HIGGINS: It all seemed fine until they went out for their first walk through the Upper West Side neighborhood. Tyler did not walk in a straight line. Instead, aggressively approaching every single person they passed, attempting to enter two bodegas, nearly every brownstone and engaging in an intense staring contest with a park bench. Tyler, it turned out had been a drug sniffing dog for the NYPD.
HIGGINS: And pretty much everyone on Kennedy's block was holding.
HIGGINS: It was exhausting said Kennedy. When we got home from that first walk Tyler barked at the oregano shaker until I opened it and allowed him to investigate the contents. At first many neighbors complained about the new resident. Quote, "I felt like I was being profiled" said Monica Blomquist, a 72-year-old white woman.
HIGGINS: Who was stopped and sniffed by Tyler on her way home from picking up her medical marijuana prescription.
HIGGINS: But now many parents on the block love Tyler, asking to borrow him for the occasional playdate with their kids backpacks. Kennedy is taking steps to ensure a happy retirement for Tyler, introducing him to new hobbies like just walking and fetch as he adjusts to life as a civilian. Kennedy says quote, "Tyler is part of the family now and I don't mind keeping my stash at work."
SAGAL: So one of these three pets
SAGAL: cause a problem for its owner. Was it from Adam Felber, an African Grey parrot who learned how to order things on Amazon via Alexa. From Roxanne, a goat on a living nativity scene that ate a lot of things, including our lord and savior. Or from Maeve, a rescue dog that had been a drug sniffing dog and would not give that up. Which of these is the real story of a pet causing a problem?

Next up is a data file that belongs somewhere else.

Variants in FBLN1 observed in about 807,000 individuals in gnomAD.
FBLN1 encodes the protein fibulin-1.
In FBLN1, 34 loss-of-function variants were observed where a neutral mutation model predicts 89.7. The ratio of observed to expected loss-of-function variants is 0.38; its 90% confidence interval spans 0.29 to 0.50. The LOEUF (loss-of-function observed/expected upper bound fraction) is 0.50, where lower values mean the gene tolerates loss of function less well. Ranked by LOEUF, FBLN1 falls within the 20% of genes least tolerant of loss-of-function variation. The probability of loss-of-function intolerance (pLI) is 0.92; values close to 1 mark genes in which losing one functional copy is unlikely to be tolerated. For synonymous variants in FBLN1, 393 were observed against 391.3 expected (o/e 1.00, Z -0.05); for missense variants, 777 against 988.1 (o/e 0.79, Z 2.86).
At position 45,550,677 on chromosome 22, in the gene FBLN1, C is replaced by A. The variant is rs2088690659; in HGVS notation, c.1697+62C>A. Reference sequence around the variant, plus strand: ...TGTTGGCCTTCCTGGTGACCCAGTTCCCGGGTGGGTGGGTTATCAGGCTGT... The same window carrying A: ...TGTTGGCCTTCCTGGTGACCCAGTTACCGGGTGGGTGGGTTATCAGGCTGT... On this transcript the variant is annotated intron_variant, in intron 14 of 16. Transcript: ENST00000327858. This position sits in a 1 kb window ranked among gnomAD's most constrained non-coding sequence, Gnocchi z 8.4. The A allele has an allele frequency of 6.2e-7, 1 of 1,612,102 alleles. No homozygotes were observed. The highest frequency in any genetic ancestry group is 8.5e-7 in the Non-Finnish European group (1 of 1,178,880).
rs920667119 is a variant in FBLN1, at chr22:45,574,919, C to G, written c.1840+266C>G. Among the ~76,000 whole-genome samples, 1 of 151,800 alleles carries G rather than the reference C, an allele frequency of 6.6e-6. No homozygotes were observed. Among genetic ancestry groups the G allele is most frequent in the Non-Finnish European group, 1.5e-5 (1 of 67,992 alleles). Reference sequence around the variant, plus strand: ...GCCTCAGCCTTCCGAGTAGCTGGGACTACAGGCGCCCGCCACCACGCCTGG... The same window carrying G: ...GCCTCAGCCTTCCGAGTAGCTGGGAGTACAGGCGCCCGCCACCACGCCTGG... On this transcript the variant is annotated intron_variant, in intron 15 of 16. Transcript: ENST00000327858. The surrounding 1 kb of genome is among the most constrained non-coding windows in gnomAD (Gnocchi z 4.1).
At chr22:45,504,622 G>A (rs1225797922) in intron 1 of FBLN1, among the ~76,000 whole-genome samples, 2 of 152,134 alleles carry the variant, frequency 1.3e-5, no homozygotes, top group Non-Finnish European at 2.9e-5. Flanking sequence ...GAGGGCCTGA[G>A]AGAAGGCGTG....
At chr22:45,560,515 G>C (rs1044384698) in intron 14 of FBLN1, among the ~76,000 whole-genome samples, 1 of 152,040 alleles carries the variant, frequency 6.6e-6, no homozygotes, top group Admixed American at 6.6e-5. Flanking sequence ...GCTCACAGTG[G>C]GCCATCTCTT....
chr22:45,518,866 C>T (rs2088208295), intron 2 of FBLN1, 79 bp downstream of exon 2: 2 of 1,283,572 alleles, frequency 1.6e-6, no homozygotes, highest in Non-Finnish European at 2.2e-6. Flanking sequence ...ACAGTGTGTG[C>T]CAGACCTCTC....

LEWIS: I've got to go with Adam's story.
SAGAL: You're going to go with Adam's story of the parrot.
LEWIS: Yes, I have my (unintelligible).
SAGAL: That ordered stuff from Alexa. Well we spoke to somebody who was actually very familiar with this kind of animal to bring you the real story.
JANET TRUMBULE: Rocco is an African Grey parrot and he has used his ability to talk to manipulate Alexa.
SAGAL: That was Janet Trumbule - the executive director of administration at The Oasis, a parrot sanctuary in Arizona - talking about the shopaholic parrot. Congratulations. You were right, of course.
LEWIS: Thank you.
SAGAL: You won a point for Adam just for being honest and you won our prize, the voice of anyone you like on your voicemail. Congratulations.
LEWIS: Thank you very much.
SAGAL: Thank you. Take care.
LEWIS: It's good fun.
SAGAL: It has been. Thanks.
(SOUNDBITE OF SONG, "SHOPPING AROUND")
AMY RIGBY: (Singing) I can't stop shopping around. What am I looking for? I can't stop shopping around. Wishing for something more. Than I can put.... Transcript provided by NPR, Copyright NPR.